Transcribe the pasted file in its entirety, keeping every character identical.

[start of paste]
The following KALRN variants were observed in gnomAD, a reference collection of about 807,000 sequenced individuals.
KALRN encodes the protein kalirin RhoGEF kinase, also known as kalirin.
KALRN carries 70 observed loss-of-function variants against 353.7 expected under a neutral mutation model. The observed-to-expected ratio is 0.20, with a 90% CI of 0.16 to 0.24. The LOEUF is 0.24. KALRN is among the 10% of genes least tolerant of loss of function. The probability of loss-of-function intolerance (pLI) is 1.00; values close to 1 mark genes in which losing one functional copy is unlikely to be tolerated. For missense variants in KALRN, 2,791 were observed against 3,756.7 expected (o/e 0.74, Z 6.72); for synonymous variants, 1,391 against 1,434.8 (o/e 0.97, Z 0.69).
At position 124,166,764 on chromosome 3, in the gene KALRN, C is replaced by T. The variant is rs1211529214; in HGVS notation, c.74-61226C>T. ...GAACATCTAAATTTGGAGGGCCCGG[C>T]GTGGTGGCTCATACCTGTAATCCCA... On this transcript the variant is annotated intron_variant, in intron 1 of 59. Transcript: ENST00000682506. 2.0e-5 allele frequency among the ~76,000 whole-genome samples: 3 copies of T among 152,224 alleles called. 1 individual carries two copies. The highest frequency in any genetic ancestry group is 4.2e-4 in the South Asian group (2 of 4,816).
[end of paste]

The following KALRN variants were observed in gnomAD, a reference collection of about 807,000 sequenced individuals.
KALRN encodes the protein kalirin RhoGEF kinase, also known as kalirin.
KALRN carries 70 observed loss-of-function variants against 353.7 expected under a neutral mutation model. The observed-to-expected ratio is 0.20, with a 90% CI of 0.16 to 0.24. The LOEUF is 0.24. KALRN is among the 10% of genes least tolerant of loss of function. The probability of loss-of-function intolerance (pLI) is 1.00; values close to 1 mark genes in which losing one functional copy is unlikely to be tolerated. For missense variants in KALRN, 2,791 were observed against 3,756.7 expected (o/e 0.74, Z 6.72); for synonymous variants, 1,391 against 1,434.8 (o/e 0.97, Z 0.69).
At position 124,166,764 on chromosome 3, in the gene KALRN, C is replaced by T. The variant is rs1211529214; in HGVS notation, c.74-61226C>T. ...GAACATCTAAATTTGGAGGGCCCGG[C>T]GTGGTGGCTCATACCTGTAATCCCA... On this transcript the variant is annotated intron_variant, in intron 1 of 59. Transcript: ENST00000682506. 2.0e-5 allele frequency among the ~76,000 whole-genome samples: 3 copies of T among 152,224 alleles called. 1 individual carries two copies. The highest frequency in any genetic ancestry group is 4.2e-4 in the South Asian group (2 of 4,816).